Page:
on 19 December 2013
This is, to the best of my knowledge the first and only book at time of writing, concerning the topic at hand. While it doesn't provide too much insights into the design philosophy of Kafka (Why did LinkedIn write this tool? What are the fundamental assumptions? etc.) it does provide an added value to the material (incl. the online documentation or videos about deployment, etc.) available elsewhere.
The Ch1 introduces Kafka, its essential characteristics (persistent, high throughput, distributed pub-sub messaging system) and a hint of some use cases. Especially this section is incredible short and would benefit from expansion. In Ch2 and Ch3 the author covers setup and deployment. What is missing here is a troubleshooting guide. As long as all goes normal, there is no problem, but what I would expect from such a book is hints how to fix things. Then, in Ch4 the Kafka internals are described. I found this chapter well written. The chapters 5 and 6 cover how to write Kafka producers and consumers respectively. Again, nice job describing what needs to be done but lacking the troubleshooting part. In Ch7 the author describes integration scenarios with Storm (way to short!) and Hadoop. The Ch8 then describes the tooling around Kafka (administration, debugging, replication, etc.).
Overall, the book would benefit from a running example that is implemented end-to-end with (much) more details what to do when things go south. Also, a proper reference section would help. Finally, the book would benefit from some more proof-reading and technical editing.
on 31 December 2013
When I received this book the first thing that struck me was its length. It is a very short book, weighing in at a mere sixty nine pages. Despite its brevity, it covers quite a wide range of topics. Some of these are very useful for newcomers, such as how to actually install Kafka and its design fundamentals. This well grounded approach to learning about Kafka continues throughout most of the book, making it excellent for someone looking to know more about Kafka and maybe wanting to play around with it.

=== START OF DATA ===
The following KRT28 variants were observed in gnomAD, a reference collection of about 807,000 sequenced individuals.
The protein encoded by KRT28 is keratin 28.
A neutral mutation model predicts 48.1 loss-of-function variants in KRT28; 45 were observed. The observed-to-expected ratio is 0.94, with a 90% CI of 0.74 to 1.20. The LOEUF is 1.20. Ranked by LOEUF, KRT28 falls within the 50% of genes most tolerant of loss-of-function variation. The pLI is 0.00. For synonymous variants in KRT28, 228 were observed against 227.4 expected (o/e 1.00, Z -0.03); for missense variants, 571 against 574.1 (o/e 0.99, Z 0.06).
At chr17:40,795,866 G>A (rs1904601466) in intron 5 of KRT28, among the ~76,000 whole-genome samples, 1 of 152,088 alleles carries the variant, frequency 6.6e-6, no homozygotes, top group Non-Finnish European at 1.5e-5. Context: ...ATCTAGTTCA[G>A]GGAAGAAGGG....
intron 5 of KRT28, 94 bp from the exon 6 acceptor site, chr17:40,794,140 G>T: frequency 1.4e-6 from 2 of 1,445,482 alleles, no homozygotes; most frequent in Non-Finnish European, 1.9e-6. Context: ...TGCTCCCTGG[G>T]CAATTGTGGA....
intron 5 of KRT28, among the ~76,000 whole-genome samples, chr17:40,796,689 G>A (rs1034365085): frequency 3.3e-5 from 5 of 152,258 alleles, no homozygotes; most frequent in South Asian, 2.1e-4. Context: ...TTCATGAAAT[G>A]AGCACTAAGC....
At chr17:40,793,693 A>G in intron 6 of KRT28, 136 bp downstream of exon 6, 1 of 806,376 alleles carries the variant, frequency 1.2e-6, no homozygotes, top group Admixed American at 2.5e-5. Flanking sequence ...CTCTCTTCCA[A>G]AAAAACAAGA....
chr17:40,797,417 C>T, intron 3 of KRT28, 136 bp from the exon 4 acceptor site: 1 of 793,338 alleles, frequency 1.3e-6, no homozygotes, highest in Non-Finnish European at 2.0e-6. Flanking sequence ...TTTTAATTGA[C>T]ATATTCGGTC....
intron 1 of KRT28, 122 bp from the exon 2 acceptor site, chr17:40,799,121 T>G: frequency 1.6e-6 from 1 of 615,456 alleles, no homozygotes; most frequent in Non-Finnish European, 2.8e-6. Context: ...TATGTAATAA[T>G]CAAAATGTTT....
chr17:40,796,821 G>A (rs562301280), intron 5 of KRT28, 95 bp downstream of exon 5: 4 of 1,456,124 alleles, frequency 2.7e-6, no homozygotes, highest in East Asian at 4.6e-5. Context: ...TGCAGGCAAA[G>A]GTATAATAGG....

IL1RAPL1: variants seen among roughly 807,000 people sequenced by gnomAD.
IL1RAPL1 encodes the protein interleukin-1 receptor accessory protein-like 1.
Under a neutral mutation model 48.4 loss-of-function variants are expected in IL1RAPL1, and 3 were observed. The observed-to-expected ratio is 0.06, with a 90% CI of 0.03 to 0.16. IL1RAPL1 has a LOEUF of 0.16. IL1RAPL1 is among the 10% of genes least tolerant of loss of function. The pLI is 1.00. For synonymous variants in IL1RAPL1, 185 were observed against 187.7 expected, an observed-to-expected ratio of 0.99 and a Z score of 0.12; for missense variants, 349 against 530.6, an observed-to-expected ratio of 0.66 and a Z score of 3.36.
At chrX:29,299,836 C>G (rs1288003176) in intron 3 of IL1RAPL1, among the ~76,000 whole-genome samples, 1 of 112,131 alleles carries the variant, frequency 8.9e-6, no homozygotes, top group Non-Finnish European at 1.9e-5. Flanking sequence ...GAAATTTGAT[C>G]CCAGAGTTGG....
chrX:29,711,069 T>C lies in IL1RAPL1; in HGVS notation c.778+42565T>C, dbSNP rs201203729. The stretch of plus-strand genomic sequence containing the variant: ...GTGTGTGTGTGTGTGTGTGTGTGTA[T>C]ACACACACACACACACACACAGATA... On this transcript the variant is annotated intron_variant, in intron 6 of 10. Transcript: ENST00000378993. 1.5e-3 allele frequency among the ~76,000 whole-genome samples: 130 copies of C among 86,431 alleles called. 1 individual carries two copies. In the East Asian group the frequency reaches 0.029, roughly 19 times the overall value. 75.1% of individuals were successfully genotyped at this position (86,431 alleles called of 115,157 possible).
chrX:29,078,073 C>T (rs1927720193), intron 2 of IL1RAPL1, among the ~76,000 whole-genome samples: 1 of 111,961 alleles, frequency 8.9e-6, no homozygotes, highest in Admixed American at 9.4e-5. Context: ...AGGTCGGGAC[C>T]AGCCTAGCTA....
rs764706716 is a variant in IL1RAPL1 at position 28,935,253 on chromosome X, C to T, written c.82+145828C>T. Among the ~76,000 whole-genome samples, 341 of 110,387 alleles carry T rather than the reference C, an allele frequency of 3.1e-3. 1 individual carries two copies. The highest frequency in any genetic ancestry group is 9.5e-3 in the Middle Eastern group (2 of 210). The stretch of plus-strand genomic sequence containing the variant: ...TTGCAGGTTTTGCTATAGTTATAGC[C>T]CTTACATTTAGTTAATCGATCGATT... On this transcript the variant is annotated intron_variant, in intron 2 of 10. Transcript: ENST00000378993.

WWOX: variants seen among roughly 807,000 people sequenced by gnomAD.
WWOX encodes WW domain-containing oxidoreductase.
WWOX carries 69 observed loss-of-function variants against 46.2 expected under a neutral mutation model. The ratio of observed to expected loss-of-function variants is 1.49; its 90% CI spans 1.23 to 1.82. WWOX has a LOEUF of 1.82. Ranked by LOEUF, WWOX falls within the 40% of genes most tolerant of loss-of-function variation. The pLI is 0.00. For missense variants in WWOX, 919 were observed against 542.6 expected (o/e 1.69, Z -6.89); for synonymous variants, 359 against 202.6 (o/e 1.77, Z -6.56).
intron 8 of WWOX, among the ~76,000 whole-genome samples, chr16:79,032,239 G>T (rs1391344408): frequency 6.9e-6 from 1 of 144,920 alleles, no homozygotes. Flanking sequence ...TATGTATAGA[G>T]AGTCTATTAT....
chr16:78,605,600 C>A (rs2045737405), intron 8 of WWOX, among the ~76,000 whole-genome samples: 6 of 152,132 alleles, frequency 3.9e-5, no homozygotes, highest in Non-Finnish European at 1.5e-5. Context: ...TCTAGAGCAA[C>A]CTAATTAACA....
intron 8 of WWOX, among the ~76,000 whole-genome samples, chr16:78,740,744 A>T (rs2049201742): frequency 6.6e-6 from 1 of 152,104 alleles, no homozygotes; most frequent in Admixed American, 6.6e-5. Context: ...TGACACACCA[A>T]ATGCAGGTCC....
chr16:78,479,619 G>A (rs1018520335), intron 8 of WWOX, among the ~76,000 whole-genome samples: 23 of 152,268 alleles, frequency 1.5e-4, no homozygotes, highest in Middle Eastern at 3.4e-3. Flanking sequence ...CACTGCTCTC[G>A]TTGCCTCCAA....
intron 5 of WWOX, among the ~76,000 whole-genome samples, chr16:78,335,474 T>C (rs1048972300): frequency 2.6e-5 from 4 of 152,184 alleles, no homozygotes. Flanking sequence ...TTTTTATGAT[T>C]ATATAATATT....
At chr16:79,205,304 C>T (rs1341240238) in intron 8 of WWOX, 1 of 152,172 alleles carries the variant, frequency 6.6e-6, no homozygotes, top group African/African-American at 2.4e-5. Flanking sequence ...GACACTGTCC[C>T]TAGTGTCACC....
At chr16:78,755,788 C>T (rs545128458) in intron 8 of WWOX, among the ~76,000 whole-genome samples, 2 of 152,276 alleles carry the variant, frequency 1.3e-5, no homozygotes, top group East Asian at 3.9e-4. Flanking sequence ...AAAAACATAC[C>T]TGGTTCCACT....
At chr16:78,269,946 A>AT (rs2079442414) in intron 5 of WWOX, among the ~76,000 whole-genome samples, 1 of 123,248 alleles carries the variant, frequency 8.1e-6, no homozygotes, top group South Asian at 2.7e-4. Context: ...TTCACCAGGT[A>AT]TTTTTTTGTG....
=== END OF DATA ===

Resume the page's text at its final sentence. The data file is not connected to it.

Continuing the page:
This book is definitely focused more towards those beginning Kafka. It begins by discussing why Kafka is needed and some of the problems it solves. This is a good way to start the book as it focuses the reader on what Kafka is aimed at, allowing them to quickly determine if it fits their needs. Keeping with the beginner-centric approach it even explains how to install Kafka in several different modes, which will definitely help anyone looking to experiment in getting a working environment up and working very quickly. Throughout the book when it gives examples, which it does frequently, it mentions which type of cluster to set up as well as things like replication factor and partitions for the topics that are created as part of the examples. This hands-on approach means that by the end of the book, if the examples are followed faithfully, the reader will have a good idea how to set up and manage the various parts of a Kafka cluster in most of the common configurations I have come across. Some more advanced options are covered too, such as setting up several brokers on one machine and sharing one zookeeper instance.